Forget Pumpkin Carving — These Pumpkin Succulents Are The Cuteness Your Doorstep Deserves

by Megan Grant

I'm terrible at carving pumpkins. No, really. Most people could do a better job with their feet. I might be in luck, though, because it seems there's a new trend emerging: Halloween succulent pumpkins. All over social media, you can find pictures of the everyone's favorite seasonal squash topped with the desert-friendly plant. No carving required, no muss, no fuss. If you're like me and hate the feeling of stringy pumpkin guts caught in between your fingers, this is a beautiful alternative that makes you look like Martha freaking Stewart even though you're definitely not.

Unless you enjoy trying to copy some ornate design you found on Pinterest while trying not to stab yourself, succulent pumpkins are a great way to go. You can make them as simple or as elaborate as you want, and it works with pumpkins of any sizes. If you're not totally DIY-home-project inclined, there are pumpkin-making kits available online, if you'd like the materials gathered for you; or you can even buy them ready-made and then lie and tell everyone you made them yourself.

Fear not, though, because tackling them yourself is pretty darn simple. This how-to from Better Homes & Gardens requires just a handful of items: a pumpkin, spray adhesive, moss, clear gel crafting glue, a hot glue gun and glue sticks, and your succulents of choice. The directions are pretty simple: start glueing all that ish together, and presto; but you can get the full directions here.

The results are nothing short of fab.

Succulent pumpkins are completely awesome for a number of reasons. For starters, you don't even have to cut the pumpkin open, which means it's going to last a lot longer and you can keep your Halloween directions up through Valentine's Day of next year, like you really want to. Secondly, caring for succulents is ridiculously easy, particularly if you're prone to killing any plant you bring into your home. Most species prefer dry climates, don't need to be watered often, and can even survive with less sunlight than other plants. Basically, if there's not a green thumb in sight at your home, go with succulents. Lastly, this makes for the ultimate Friday night project with your ghoulfriends (see what I did there?) while you get wine drunk and watch Hocus Pocus.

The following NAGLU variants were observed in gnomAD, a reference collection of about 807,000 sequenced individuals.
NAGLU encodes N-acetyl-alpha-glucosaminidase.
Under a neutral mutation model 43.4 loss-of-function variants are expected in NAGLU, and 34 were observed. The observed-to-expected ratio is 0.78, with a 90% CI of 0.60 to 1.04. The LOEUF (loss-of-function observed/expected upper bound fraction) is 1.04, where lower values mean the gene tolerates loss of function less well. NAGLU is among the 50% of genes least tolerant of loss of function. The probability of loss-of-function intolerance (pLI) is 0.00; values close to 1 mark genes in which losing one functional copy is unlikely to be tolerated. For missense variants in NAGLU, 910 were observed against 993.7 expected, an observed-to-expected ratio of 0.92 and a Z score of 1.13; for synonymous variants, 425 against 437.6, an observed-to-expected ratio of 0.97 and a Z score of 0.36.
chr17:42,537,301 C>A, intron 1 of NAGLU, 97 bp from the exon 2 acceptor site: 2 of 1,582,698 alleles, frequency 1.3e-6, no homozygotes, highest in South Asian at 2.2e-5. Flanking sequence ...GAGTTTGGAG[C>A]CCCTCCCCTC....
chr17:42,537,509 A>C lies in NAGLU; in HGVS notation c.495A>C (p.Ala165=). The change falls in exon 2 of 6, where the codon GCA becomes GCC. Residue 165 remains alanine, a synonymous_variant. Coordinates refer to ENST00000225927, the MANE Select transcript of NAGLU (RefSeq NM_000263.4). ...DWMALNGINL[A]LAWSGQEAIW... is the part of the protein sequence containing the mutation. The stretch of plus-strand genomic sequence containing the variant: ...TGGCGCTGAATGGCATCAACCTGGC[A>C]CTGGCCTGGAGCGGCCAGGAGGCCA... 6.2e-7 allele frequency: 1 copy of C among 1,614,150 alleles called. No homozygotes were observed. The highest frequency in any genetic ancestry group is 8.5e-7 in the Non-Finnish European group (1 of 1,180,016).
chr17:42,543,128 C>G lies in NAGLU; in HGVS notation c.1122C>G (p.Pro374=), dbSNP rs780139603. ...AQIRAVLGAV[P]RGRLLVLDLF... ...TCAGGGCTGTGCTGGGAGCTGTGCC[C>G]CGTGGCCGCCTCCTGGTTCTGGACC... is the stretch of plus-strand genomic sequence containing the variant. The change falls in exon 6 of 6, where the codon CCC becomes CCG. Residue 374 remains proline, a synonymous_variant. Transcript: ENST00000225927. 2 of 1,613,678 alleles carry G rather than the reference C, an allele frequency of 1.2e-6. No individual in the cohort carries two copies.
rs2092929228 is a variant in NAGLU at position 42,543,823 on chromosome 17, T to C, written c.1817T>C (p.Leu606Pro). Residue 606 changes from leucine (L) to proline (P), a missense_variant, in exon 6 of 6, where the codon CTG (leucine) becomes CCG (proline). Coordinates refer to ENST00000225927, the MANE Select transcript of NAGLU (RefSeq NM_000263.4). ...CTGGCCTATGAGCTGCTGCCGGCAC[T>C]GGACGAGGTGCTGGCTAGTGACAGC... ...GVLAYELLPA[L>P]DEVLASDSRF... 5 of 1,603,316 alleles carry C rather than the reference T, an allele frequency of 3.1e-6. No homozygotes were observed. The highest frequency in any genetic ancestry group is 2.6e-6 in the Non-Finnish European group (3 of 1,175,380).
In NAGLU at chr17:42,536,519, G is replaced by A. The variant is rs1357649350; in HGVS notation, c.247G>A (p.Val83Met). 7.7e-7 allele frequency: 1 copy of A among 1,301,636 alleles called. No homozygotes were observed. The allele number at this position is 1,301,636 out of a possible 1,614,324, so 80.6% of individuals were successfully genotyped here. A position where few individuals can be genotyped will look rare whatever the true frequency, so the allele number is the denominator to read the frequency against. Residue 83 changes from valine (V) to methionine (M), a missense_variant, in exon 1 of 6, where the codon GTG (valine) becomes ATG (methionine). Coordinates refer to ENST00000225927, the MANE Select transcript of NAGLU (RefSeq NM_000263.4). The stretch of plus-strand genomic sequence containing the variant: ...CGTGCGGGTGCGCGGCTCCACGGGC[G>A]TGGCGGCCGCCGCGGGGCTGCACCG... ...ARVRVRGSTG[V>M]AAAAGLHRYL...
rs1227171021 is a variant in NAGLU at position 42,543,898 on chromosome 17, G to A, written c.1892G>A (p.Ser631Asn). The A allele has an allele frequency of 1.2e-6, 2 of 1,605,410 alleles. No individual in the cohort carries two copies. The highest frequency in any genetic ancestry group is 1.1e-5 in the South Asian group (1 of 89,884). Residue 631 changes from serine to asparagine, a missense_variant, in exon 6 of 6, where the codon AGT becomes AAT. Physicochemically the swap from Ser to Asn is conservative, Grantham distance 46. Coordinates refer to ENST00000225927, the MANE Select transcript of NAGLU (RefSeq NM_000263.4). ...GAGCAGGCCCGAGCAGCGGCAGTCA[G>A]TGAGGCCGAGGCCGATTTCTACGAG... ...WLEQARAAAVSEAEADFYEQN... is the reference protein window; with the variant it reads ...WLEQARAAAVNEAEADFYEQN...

While carving pumpkins is an old Halloween tradition, these days, people are opting for all kinds of fun alternatives. Sometimes, a few layers of paint do the trick. Check out these beauties.

You can glue on all kinds of fun decorations and accessories to jazz your pumpkin up.

If you really want a fool-proof plan, glue some artificial flowers to your squash. You can never go wrong with flowers.

Or if you've got a sweet tooth and you're craving something tasty, these magnificent doughnut pumpkins are just what you need. Behold.

Or! You could try the stupid easy DIY pumpkin project that I'm currently partaking in: buy a pumpkin and let it sit on your counter until it starts to smell funny or grow hair.

While some of these projects are fairly new, carving pumpkins is an older tradition. It started in Ireland, where they first began decorating with large turnips and potatoes. In fact, the word "jack-o'-lantern" originally came from an Irish folktale about Stingy Jack, a man who messed with the devil and, as a result, was sent off into the night with nothing but a burning coal to give him light. Jack put the coal in a carved turnip, and his ghost supposedly roams the earth to this day. The Irish first called him "Jack of the Lantern," but later shortened it to "Jack O' Lantern."

Irish immigrants later brought the tradition to America, where we made it our own with pumpkins. Ever since then, carving pumpkins has been iconic of the Halloween season, and the rest is history.

Whatever project you go with, be careful with sharp objects, don't inhale too much glue, and have a blessed Halloween.